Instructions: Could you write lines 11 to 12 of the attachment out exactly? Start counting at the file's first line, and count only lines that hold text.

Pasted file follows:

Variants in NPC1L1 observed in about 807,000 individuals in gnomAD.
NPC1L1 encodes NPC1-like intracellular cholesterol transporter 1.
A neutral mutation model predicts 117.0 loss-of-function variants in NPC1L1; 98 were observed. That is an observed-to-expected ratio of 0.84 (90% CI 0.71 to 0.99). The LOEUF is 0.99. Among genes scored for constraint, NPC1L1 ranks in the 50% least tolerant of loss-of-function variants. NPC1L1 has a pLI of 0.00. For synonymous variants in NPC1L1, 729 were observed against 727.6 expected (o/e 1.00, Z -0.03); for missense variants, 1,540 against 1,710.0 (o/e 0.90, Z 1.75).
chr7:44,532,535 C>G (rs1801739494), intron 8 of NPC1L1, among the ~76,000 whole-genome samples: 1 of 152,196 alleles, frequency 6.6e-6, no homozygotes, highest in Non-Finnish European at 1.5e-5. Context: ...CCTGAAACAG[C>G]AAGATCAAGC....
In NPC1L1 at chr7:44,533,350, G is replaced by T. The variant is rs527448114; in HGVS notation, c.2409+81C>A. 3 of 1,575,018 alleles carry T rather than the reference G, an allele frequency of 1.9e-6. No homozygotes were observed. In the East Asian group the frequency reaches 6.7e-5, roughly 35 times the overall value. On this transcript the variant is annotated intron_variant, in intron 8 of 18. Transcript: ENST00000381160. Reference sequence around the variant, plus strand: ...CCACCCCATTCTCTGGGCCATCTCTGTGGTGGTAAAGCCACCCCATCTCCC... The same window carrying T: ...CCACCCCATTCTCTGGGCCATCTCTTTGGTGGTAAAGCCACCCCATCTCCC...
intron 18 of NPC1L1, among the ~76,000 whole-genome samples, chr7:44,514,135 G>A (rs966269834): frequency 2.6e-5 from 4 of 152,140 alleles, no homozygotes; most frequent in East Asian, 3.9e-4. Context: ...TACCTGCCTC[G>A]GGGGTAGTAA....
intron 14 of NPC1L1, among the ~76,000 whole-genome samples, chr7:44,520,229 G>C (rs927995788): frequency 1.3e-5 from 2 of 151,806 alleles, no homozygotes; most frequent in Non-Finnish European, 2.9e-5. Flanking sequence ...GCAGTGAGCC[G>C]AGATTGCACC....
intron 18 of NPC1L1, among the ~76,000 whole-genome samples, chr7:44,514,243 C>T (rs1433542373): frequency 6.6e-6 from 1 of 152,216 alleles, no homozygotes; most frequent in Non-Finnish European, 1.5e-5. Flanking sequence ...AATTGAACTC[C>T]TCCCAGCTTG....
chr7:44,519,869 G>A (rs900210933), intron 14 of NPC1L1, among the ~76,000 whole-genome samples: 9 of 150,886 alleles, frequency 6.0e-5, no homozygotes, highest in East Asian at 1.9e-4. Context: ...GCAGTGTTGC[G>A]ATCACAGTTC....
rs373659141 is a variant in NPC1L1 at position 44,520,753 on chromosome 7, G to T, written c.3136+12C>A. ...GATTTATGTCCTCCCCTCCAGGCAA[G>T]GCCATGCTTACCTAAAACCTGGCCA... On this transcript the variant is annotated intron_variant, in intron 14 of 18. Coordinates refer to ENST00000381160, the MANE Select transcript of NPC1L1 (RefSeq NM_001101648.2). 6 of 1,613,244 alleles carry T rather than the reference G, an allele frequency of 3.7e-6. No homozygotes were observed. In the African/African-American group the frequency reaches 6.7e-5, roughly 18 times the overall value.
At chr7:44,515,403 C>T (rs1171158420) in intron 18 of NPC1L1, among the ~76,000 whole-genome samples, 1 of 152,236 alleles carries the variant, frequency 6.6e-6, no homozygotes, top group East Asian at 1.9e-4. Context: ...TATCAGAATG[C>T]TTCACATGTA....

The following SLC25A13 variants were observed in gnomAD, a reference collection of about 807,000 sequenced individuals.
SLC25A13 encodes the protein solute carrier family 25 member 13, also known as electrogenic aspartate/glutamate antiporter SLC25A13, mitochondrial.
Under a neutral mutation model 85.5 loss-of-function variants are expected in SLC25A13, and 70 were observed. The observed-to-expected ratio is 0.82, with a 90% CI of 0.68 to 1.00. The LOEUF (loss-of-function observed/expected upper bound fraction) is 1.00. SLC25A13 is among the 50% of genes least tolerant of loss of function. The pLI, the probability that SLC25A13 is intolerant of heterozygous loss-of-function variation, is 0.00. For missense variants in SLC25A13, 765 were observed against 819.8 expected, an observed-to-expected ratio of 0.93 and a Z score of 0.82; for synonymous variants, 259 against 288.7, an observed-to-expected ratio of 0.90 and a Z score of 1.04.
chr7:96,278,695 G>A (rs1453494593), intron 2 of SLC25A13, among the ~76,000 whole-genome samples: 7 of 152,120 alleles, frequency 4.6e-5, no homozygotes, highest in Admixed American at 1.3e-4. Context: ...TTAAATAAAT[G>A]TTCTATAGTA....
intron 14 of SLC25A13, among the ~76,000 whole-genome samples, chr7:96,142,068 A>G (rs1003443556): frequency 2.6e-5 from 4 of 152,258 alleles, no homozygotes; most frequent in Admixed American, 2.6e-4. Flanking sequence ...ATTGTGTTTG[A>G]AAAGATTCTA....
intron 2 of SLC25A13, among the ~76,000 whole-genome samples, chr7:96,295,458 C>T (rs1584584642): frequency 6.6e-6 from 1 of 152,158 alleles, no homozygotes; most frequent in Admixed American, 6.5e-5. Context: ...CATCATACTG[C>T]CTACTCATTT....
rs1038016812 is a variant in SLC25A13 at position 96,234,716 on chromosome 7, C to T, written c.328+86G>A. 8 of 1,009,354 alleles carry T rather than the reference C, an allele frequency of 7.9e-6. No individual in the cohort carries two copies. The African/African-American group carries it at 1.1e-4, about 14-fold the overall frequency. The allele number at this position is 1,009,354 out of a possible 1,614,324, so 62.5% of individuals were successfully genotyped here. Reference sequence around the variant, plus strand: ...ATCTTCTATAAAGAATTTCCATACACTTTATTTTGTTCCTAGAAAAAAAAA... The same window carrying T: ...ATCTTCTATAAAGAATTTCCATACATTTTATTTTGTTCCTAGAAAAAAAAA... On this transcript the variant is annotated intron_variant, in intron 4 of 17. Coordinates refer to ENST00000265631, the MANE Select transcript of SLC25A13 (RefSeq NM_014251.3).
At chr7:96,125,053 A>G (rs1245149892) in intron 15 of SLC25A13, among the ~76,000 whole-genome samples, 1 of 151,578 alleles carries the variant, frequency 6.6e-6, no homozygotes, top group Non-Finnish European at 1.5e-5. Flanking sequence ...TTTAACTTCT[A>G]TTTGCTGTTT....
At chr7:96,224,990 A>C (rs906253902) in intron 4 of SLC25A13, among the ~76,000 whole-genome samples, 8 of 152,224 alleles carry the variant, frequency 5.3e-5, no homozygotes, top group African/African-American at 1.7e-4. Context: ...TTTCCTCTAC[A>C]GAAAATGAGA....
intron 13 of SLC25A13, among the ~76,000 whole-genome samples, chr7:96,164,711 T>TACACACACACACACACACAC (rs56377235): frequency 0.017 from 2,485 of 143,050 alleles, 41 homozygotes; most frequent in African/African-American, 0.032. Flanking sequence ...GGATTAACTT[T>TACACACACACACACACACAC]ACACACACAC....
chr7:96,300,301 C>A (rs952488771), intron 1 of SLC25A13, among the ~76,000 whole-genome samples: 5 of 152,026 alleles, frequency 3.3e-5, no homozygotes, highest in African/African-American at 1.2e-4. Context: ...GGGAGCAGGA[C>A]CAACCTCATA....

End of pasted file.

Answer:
At chr7:44,515,403 C>T (rs1171158420) in intron 18 of NPC1L1, among the ~76,000 whole-genome samples, 1 of 152,236 alleles carries the variant, frequency 6.6e-6, no homozygotes, top group East Asian at 1.9e-4. Context: ...TATCAGAATG[C>T]TTCACATGTA....

The following SLC25A13 variants were observed in gnomAD, a reference collection of about 807,000 sequenced individuals.